Victorian Slum, episode 3, the 1880s.
Shall Jack the Ripper visit the neighbourhood?
Same old intro, bit of history, this is what happened last week, etc.
If you can remember things that happened a week ago, you can skip the first 3 minutes.
The third week, life must slowly become a routine, I wonder if they have actually lived the Victorian slum lifestyle 24 hours a day for 7 days a week since it began or if they get time off.
Some shows allow for a day or weekend off, especially when the location needs redecorating.
Some shows look the other way when the cameras are turned off and let participants use mobile phones, turn on electric lights, etc.
It is difficult to get a group of volunteers to live completely cut off from their modern lives for weeks on end and sometimes concessions have to be made.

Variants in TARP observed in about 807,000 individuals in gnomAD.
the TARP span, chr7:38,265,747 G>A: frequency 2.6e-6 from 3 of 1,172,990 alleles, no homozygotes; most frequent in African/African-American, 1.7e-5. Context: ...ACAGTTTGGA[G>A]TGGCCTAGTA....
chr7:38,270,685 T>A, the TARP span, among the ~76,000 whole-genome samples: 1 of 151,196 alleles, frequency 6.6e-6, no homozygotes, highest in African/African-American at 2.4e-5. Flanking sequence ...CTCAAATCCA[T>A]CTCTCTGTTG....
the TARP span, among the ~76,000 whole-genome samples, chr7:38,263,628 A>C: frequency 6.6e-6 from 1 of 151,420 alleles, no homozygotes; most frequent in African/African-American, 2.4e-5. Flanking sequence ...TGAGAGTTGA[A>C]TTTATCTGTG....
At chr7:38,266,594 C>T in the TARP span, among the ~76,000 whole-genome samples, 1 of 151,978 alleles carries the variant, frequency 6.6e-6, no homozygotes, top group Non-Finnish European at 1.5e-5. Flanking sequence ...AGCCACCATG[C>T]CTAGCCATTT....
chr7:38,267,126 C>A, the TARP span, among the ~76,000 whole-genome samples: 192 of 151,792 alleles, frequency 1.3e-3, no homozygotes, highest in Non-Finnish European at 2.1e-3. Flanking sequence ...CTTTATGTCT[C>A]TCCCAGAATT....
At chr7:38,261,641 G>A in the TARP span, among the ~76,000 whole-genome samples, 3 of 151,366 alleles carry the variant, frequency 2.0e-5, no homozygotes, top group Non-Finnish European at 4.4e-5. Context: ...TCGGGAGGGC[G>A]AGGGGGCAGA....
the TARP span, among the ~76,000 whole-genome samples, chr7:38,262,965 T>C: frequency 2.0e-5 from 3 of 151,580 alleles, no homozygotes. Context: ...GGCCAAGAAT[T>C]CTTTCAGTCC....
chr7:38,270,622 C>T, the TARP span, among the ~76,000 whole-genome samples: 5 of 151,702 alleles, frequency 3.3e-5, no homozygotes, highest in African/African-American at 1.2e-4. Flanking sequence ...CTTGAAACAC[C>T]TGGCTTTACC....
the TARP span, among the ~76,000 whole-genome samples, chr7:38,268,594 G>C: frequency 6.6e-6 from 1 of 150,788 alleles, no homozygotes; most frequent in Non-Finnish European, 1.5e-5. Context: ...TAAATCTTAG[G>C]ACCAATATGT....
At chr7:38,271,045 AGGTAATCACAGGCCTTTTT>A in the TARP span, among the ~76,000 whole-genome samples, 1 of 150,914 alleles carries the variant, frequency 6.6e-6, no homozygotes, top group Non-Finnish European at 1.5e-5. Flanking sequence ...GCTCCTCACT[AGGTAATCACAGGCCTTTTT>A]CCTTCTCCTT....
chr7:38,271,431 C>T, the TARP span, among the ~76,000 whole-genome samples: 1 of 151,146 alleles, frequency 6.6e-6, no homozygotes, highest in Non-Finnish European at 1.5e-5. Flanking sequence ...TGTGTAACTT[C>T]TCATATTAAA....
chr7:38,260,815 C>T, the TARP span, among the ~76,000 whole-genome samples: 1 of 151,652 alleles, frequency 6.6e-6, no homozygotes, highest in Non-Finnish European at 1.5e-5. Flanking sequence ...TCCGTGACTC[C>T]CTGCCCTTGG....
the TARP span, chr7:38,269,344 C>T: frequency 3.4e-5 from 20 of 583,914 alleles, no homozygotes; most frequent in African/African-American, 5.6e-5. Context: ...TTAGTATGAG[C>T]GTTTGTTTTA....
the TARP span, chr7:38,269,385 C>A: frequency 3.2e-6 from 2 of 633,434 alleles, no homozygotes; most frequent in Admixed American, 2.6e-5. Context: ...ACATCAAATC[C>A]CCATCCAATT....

Of course this never or rarely is mentioned in the show we see on tv, but it happens.
I’m not saying it happened in this show, but it has happened in other shows so you can never be completely sure.
Life is going to get worse.
The tailors are being send to a workshop, nice Singer, is it 1880s?
I’m not sure, the base doesn’t look very old but the sewing machine itself as a design, didn’t change much for decades.
I have one that looks pretty much the same but was made in the 1930s.
Either way, it works the same.
They are forced to start using workers, we often forget that back then some of the evil and bad bosses who ran sweatshops and exploited their employees did so because they knew they risked the doss house or the street if they didn’t make their weekly target.
The Howarths are now forced into this position.
Their employees are new contestants, a Polish migrant and descendants of Jewish refugees.
The sweatshop is soon up and running, but… and I know I’m like a broken record here, but the place is too well lit.
As far as I can see there aren’t a lot of windows in that place and the ones that are there are dirty.